So we need one more piece of furniture, something for the dining room to hold liquor and glasses and table linens and such. You know, a sideboard. Or a buffet. Or a server. Or a credenza. One of those. I have no idea what the difference is.
In fact, I had no idea there were so many different kinds of furniture out there. I don’t mean brand names or styles. I mean actual pieces: furniture-y things that I had never heard of before.
One of my new favorite websites is 1stdibs.com, which is where antique dealers from all over the country display just about anything you could want for your home, and many, many things you would never want for your home. They put up pictures of each piece, and a description, and a silly price. Sometimes, instead of a price, it says “Contact Dealer,” which lets you know that the price is so silly the dealer couldn’t stop laughing long enough to type it in.
So, anyway, you go to this site, and you can search for what you’re looking for. Rather than doing separate searches for sideboards, buffets, servers and credenzas, I would just search the category they all fall into, which is “Case Pieces.” This is opposed to the category that I fall into, which is “Head Cases.”
“Case Pieces” includes just about any piece of furniture you can put stuff into, from wardrobes, to display cabinets, to desks. Those are the things I’ve heard of.
But let me ask you this: if I told you that I had a really bad semainier, would you sympathize with me because you thought I paid for a horrible bottle of wine, console me for having signed up for an incredibly tough college course, or step away from me because you thought I had caught a contagious disease? Turns out that none of those reactions would be appropriate; a semainier is a simple stack of drawers. I went to dictionary.com to see what made it a semainier rather than a “simple stack of drawers,” and discovered that it’s because it’s French. And this is interesting: a semainier must have seven drawers. So be warned: if you’re walking in Manhattan and somebody says “Psst, wanna buy a 6-drawer semainier?” don’t do it! It’s counterfeit!
You know what else? A “bombe chest” is not a storage cabinet for military-grade explosives. It’s a small chest of Italian drawers. No, that’s not grammatically correct. It’s a small Italian chest of drawers, into which you can place your Italian drawers, if you happen to have underwear from Rome. Anyway, the main feature of a bombe chest is that the middle of it sort of bulges out. “Bombe” I believe, is Italian for “ugly and stupid-looking.”
Vitrines are very popular. And did you know, they are not where soldiers go to the bathroom? Nor are they something you serve soup out of. Nope, a vitrine is just a fancy curio cabinet. But be warned: a vitrine can only hold curios. You don’t want to be caught using a classy vitrine to display your ordinary chatchkas.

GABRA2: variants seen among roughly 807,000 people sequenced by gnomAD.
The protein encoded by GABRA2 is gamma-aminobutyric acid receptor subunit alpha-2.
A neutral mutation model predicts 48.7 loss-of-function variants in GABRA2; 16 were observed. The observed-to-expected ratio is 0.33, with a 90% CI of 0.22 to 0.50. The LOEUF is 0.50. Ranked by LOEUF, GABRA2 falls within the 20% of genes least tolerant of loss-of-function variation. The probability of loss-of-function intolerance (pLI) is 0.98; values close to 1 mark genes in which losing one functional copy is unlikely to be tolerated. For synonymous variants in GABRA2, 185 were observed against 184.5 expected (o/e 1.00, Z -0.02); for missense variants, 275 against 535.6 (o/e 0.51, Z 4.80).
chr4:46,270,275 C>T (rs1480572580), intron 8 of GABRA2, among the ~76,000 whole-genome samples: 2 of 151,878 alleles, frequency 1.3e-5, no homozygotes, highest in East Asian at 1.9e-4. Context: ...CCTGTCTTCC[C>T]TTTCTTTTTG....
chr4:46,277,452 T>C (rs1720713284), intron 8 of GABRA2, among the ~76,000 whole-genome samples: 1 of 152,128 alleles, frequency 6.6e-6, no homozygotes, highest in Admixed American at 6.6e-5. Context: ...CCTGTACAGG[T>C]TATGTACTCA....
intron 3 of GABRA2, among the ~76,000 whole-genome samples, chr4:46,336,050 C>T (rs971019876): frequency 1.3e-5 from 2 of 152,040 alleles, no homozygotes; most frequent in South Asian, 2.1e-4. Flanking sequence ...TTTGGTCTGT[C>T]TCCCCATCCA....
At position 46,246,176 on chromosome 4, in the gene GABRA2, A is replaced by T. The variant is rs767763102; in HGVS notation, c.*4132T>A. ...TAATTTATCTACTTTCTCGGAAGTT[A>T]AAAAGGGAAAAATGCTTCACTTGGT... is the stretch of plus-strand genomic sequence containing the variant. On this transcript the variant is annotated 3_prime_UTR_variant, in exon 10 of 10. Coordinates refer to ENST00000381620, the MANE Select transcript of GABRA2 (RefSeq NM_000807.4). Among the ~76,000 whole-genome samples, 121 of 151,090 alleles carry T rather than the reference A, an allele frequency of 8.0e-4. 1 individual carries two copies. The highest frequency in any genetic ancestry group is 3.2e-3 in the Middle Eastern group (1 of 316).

Also, I was shocked to learn that an “enfilade” is neither a Mexican dish nor what they call an American in Iran. It’s office furniture! And the one I saw even had brass escutcheons, in case you want to escute somebody.**
There are also vaisseliers (a wall unit), chinosseries (a hanging display cabinet), kodansus (a Japanese “personal chest”), trasteros (from the picture, possibly a Mexican torture chamber) and my personal favorite, demi-lunes, so called because you have to be half loony to want one. Demi-lunes appear to be somewhat similar to bombe chests, only in French.
I’m fairly certain that these antique dealers are making some of this stuff up. They’ll be at some flea market or wherever they acquire their wares (in the antique trade, you can only “acquire” things; you can’t “get” them), and one will say to another, “Oh, look, there’s a nice jewelry box. We could probably get a couple of hundreds dollars for that.” And the other one will say, “I know. Let’s call it a Spanish Colonial Escribania and sell it for $32,000.” (The $32,000 escribania is pictured at left.)
In the end, we gave up trying to find something that matched both our design sensibilities and our vocabulary. So we found an incredible furniture designer named Mark Del Guidice and commissioned a one-of-a-kind, hand-crafted piece (see bottom picture below).*** It costs more than we had wanted to spend, but, on the other hand, we get to call it whatever the hell we want.
See you soon.
**Just kidding. I know that an escutcheon is a shield. Except that I just found out while reading Beat the Reaper by Josh Bazell, that “escutcheon” is also the medical term for pubic hair. So now I don’t know what the handles on the enfilade are shaped like.
***Below is a photo of the piece Mark is making for us. And that is my wife Barbara’s hand pointing to it. The shot is not the result of perspective, like when people take vacation pictures where it appears as though they are squeezing the Eiffel Tower between their fingers. The Hallenza (it’s what I’m calling it for now) really is that small, because the only liquor we have is from airplanes. Joking. Mark makes extremely detailed scale models of his commissions so that clients can approve the design. In this photo, the model is actually sitting on the kitchen island, which, come to think of it, is big enough to hold the real thing.